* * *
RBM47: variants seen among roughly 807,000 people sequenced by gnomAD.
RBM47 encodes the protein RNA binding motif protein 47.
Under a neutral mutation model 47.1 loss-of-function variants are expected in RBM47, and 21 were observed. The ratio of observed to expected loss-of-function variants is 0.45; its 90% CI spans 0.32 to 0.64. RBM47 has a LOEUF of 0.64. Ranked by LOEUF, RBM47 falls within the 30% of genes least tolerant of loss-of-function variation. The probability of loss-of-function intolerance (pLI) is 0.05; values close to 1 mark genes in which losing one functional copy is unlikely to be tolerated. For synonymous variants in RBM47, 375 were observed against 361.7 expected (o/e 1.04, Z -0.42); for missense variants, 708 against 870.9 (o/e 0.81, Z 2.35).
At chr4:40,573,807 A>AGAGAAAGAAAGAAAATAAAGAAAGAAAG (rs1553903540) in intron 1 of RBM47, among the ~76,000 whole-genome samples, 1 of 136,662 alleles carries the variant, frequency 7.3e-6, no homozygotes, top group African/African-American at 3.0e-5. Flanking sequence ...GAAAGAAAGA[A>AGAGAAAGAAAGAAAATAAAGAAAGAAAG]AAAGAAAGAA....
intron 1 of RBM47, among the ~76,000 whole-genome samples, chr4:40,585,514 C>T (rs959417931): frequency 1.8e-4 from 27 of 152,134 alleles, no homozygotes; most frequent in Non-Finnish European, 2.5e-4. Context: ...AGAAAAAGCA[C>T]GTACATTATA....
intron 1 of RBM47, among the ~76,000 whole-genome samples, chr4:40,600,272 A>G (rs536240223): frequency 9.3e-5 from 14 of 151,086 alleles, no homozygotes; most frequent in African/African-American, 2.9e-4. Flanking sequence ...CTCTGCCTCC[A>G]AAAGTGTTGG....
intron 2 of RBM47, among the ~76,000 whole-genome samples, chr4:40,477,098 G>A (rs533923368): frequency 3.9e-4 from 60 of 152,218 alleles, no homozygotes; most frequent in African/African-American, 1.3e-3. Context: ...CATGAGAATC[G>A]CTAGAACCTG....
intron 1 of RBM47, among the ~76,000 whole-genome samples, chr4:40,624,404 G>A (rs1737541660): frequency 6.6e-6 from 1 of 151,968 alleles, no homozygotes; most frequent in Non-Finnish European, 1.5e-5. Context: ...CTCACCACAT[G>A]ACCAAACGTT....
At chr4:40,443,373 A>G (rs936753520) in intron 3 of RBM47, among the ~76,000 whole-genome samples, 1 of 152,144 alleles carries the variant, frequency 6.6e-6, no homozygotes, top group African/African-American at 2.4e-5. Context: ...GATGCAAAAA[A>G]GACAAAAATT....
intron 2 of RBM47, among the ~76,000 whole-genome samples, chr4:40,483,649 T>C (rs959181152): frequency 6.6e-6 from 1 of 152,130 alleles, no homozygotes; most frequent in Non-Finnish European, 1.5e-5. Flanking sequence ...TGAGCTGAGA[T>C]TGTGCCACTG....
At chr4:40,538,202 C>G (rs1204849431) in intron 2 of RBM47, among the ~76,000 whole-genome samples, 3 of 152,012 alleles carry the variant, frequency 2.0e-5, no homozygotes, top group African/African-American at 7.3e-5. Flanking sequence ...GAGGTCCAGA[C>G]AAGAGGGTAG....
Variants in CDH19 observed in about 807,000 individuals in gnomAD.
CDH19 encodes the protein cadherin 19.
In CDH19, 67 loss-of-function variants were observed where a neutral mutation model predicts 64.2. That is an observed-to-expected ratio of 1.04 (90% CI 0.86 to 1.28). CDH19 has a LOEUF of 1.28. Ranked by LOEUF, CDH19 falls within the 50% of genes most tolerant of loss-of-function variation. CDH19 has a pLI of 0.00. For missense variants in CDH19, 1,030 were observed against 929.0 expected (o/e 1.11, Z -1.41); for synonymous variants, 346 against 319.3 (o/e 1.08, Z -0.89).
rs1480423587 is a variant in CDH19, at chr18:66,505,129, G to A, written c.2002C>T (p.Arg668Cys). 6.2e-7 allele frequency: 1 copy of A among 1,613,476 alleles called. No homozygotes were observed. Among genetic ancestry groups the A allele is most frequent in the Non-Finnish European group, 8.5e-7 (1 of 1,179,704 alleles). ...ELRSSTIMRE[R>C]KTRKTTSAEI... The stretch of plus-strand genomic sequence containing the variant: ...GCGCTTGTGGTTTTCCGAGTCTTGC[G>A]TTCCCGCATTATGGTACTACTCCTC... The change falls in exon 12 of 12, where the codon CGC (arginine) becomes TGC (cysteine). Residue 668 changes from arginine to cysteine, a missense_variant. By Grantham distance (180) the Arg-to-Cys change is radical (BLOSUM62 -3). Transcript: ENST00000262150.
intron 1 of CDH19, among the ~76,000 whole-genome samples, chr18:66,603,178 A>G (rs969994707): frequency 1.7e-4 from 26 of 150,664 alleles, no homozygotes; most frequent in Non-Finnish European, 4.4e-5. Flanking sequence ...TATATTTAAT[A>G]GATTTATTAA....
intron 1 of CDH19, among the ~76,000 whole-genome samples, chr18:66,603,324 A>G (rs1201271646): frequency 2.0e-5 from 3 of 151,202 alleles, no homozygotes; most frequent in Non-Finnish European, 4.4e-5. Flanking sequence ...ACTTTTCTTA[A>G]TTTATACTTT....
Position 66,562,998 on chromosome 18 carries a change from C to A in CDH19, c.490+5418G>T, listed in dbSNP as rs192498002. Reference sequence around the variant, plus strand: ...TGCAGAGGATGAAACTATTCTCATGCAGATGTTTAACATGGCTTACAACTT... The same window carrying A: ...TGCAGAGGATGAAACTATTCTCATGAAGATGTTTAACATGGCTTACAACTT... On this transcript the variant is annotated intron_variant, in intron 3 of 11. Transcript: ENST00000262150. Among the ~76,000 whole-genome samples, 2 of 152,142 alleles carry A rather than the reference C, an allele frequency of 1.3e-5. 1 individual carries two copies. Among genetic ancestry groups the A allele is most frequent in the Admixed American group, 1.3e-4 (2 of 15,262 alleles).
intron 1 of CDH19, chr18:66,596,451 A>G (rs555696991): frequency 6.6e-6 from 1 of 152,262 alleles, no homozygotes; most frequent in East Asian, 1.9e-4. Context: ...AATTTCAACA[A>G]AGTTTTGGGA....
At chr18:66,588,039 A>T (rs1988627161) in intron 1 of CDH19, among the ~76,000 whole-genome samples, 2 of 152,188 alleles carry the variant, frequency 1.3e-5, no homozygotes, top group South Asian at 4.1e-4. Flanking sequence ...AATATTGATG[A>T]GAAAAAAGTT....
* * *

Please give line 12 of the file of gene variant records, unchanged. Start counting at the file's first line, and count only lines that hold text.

Variants in CDH19 observed in about 807,000 individuals in gnomAD.